The term "mishnah" is used in a number of different ways see below , but when used as a proper noun "the Mishnah" it designates the collection of rabbinic traditions redacted by Rabbi Judah ha-Nasi usually called simply "Rabbi" at the beginning of the third century CE. The Mishnah supplements, complements, clarifies and systematizes the commandments of the Torah. The Torah, for example, commands: "Remember the Sabbath day" Ex. The Mishnah provides this abstract commandment with a concrete form — the kiddush and havdalah rituals which mark the beginning and the ending of the Sabbath day. The Torah commands "Observe the Sabbath day" Deut. The Mishnah specifies 39 categories of forbidden labor which are prohibited by this commandment, subsuming dozens of other kinds of labor under these 39 headings.
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The term "mishnah" is used in a number of different ways see below , but when used as a proper noun "the Mishnah" it designates the collection of rabbinic traditions redacted by Rabbi Judah ha-Nasi usually called simply "Rabbi" at the beginning of the third century CE.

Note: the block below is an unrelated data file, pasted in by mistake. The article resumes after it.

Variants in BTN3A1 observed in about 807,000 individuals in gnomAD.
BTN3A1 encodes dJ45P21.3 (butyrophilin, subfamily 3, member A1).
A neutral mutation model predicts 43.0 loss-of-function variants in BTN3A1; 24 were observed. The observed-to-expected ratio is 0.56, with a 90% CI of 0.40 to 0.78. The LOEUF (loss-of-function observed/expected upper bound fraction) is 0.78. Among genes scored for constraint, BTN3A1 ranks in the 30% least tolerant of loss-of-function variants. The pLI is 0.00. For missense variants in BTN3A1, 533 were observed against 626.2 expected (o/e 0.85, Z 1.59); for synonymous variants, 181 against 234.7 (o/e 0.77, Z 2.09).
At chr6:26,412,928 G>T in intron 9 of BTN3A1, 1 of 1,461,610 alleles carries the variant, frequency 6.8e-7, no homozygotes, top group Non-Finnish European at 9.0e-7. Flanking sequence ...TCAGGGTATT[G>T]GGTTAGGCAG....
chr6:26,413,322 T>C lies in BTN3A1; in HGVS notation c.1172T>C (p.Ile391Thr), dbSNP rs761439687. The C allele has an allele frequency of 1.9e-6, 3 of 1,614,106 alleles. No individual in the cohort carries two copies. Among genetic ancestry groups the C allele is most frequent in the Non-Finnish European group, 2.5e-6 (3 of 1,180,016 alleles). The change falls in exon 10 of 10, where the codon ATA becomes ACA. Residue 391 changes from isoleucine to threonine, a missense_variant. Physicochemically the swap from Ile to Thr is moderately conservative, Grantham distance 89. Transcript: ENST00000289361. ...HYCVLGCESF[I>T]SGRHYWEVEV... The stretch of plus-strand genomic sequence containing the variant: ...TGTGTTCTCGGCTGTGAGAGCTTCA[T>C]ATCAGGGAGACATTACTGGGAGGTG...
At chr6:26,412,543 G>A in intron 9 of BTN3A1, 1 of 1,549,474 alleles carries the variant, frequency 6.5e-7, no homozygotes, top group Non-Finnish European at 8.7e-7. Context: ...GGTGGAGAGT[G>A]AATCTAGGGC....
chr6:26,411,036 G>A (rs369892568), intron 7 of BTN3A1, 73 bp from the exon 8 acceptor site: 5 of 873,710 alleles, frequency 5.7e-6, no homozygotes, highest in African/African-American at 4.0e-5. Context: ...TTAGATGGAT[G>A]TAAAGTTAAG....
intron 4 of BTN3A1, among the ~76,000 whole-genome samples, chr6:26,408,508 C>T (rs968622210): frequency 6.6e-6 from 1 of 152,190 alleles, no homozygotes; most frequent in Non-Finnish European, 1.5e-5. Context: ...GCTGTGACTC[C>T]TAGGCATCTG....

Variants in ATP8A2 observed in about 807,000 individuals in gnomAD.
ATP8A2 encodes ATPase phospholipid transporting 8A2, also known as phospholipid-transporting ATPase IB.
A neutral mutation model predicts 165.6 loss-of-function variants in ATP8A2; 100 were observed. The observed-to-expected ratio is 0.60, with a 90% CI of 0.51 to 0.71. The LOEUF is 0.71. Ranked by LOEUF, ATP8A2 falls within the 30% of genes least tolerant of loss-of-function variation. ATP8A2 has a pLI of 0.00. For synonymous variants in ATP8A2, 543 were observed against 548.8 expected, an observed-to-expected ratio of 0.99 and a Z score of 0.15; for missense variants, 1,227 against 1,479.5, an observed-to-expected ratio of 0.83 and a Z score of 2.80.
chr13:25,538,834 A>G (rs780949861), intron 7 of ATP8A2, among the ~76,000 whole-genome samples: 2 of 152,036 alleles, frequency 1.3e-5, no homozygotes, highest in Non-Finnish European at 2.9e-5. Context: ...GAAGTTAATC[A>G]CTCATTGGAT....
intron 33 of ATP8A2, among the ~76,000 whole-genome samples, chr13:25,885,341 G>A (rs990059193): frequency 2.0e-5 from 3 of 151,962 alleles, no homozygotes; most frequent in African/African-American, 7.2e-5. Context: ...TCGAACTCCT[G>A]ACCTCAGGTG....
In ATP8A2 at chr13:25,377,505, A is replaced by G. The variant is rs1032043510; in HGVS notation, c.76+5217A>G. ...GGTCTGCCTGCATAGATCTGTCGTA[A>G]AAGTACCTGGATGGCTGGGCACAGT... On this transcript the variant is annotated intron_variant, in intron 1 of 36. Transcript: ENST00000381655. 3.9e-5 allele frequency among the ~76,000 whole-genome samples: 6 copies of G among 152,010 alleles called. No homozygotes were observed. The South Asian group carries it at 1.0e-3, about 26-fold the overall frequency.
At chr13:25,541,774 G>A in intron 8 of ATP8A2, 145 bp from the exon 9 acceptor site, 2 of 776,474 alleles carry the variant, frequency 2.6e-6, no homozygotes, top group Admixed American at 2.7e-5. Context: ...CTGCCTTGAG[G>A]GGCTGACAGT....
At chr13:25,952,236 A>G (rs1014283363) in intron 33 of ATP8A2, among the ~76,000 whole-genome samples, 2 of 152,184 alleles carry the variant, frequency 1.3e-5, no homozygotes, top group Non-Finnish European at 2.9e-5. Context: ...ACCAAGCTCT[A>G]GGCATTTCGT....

The Mishnah supplements, complements, clarifies and systematizes the commandments of the Torah. The Torah, for example, commands: "Remember the Sabbath day" Ex. The Mishnah provides this abstract commandment with a concrete form — the kiddush and havdalah rituals which mark the beginning and the ending of the Sabbath day. The Torah commands "Observe the Sabbath day" Deut. The Mishnah specifies 39 categories of forbidden labor which are prohibited by this commandment, subsuming dozens of other kinds of labor under these 39 headings.
The Torah commands: "When you eat and are satisfied, give thanks to your God for the good land which He has given you" Deut. The Mishnah spells out specific blessings to be recited before and after each kind of food, and what to do if the wrong blessing is recited by mistake.